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The Afghanistan Invasion's Effect on Opium Production
The spread of opium has not been curtailed since the United States invaded Afghanistan. In fact, the spread of opium, which is typically processed into heroin, has actually increased since the United States invaded Afghanistan.“In 2004, according to the United Nations, opium poppy cultivation in Afghanistan rose by two-thirds, climbing to 320,000 acres and producing a yield of 4,200 metric tons (a metric ton equals 2,205 pounds)” (Williams, 2005, p. 58).
The main reason the opium production in Afghanistan continues to rise is the increase in demand for heroin:
By 1998 the National Household Survey discovered 149,000 new heroin users throughout the United States who required treatment for their addiction. Eighty percent of the new addicts were under the age of twenty-six. The average addict was spending from $150 to $200 a day to maintain his habit. While the heroin trade increased to new heights in the United States, it began to soar beyond belief in Europe. From 1996 to 2001, Europeans consumed more than fifteen tons of heroin a year – twice the amount sold in America – and almost all of it (over 90 percent) came from Afghanistan (Williams, 2005, p. 65).
The “war on drugs” within the United States and Western society has proven almost as ineffective as the “war on terrorism”. Most crime related to drugs is “not related to the use of drugs; it is related to the dangerous underground economy created by the war on drugs” (Geers, 1995, p. 235). This dangerous underground economy includes terrorism and Al Qaeda.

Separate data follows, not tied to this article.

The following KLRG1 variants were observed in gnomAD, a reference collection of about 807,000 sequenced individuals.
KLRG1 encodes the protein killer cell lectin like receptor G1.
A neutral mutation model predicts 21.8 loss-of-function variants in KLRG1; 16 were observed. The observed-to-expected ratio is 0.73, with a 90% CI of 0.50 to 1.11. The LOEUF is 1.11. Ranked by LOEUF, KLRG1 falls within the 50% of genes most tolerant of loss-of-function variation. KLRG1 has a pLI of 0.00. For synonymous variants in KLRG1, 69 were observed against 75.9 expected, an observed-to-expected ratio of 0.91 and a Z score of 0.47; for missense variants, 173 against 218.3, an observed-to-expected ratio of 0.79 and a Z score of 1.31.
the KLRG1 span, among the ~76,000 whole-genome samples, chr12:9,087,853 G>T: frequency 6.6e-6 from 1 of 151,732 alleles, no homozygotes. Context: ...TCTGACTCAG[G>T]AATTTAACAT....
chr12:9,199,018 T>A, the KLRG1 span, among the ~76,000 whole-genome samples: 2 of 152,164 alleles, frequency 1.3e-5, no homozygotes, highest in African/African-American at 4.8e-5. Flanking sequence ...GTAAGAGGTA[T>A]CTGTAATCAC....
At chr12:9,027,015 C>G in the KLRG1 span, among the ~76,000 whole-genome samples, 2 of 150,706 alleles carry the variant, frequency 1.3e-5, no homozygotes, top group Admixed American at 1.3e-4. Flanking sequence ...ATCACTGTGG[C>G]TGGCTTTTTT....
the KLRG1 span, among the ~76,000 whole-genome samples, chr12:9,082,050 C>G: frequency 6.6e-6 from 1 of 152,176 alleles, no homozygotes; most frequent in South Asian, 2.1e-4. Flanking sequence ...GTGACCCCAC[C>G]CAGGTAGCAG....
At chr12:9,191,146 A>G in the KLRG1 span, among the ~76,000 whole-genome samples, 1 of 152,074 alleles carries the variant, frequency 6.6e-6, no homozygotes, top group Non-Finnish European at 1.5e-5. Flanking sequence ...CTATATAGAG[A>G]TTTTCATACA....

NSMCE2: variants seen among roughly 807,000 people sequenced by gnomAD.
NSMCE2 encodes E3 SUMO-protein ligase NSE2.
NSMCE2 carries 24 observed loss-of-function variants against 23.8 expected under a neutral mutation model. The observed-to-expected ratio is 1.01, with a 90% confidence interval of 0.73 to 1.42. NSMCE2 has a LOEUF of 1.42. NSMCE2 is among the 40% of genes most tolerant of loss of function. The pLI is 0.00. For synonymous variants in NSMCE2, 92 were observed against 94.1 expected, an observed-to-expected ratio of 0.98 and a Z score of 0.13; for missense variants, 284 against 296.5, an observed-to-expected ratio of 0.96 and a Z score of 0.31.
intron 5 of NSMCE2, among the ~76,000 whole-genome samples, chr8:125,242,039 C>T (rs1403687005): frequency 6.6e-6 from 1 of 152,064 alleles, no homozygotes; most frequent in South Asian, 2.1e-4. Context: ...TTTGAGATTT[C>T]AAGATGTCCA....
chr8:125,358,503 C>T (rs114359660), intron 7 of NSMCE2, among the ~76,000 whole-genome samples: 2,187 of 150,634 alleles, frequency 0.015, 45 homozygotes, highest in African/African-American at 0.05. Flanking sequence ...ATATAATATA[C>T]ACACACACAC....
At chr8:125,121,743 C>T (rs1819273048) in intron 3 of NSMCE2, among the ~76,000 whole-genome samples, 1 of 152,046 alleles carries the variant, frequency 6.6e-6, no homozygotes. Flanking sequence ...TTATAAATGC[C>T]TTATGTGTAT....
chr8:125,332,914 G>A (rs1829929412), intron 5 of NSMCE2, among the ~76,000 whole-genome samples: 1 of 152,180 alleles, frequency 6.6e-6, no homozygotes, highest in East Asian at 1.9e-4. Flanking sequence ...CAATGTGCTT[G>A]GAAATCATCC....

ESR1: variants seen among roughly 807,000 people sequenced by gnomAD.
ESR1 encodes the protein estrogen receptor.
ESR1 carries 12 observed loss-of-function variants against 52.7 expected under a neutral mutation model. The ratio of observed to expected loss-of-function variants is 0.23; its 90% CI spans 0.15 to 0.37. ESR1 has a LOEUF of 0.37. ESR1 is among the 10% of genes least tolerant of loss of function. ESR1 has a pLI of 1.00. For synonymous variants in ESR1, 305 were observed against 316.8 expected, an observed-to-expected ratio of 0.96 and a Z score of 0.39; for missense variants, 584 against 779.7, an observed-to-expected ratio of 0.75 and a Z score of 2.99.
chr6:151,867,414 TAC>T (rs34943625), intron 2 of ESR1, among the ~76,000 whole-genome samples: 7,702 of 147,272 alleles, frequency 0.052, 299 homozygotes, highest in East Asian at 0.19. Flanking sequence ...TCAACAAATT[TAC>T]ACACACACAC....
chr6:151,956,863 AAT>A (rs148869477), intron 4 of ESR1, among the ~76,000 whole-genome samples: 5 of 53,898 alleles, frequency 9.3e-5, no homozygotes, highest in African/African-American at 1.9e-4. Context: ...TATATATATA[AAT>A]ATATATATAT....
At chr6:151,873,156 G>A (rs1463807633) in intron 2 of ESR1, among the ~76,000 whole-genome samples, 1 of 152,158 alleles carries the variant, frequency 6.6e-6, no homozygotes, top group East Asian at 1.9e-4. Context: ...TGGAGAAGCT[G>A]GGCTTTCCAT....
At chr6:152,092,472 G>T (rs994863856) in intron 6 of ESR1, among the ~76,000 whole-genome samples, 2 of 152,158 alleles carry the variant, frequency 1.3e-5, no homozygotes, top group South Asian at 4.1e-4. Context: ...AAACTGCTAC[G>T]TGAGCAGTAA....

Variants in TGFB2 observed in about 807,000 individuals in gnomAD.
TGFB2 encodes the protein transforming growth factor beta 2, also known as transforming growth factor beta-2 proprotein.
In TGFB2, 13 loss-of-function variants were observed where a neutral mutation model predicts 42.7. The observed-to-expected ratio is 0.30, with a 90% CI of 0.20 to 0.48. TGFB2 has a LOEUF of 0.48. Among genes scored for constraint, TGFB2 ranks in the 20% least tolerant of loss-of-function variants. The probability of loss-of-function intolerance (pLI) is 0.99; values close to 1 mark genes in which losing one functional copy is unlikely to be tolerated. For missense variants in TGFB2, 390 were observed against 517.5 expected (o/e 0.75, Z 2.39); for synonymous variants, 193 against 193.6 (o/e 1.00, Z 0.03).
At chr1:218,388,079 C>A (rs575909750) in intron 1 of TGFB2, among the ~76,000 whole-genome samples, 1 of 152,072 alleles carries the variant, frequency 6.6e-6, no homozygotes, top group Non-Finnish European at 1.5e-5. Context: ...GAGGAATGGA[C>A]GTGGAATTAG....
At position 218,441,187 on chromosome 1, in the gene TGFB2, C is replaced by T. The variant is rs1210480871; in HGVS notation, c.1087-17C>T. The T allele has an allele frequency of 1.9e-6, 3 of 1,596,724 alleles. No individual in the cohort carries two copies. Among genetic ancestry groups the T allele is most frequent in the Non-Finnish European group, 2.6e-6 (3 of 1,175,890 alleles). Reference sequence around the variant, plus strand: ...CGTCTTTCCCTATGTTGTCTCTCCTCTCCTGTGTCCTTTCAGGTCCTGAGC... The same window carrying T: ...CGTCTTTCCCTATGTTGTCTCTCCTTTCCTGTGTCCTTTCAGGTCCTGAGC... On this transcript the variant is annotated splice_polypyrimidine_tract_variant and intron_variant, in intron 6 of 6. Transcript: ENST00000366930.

The only effective means to curtail the spread of opium, which ultimately funds terrorism, is for the United States and Western society to look inward, rather than outward. The United States and Western society generally place too much blame on the drug dealers, while forgetting drug dealers would not exist without drug users. It makes more sense to focus efforts addressing the drug use and addiction problems within the United States and Western society. Why not fix the problem at its source?
Rather than a “war on drugs” the United States and Western society must fight a “war on sobriety.” Each heroin user contributes financially to terrorism. The United States and Western society must figure out why so many people desire drugs and focus on diminishing this demand for drugs. It makes more sense to stop the demand, rather than continually trying to stop the supply. If the demand for heroin, and drugs in general, were curtailed, the supply of opium from Afghanistan would whittle away.
Geers, T. (1995). Legalize drugs and stop the ware on people. Education, 116(2), 235-249.
Williams, P. (2005). The Al Qaeda connection: International terrorism, organized crime, and the coming apocalypse. Amherst, NY: Prometheus Books.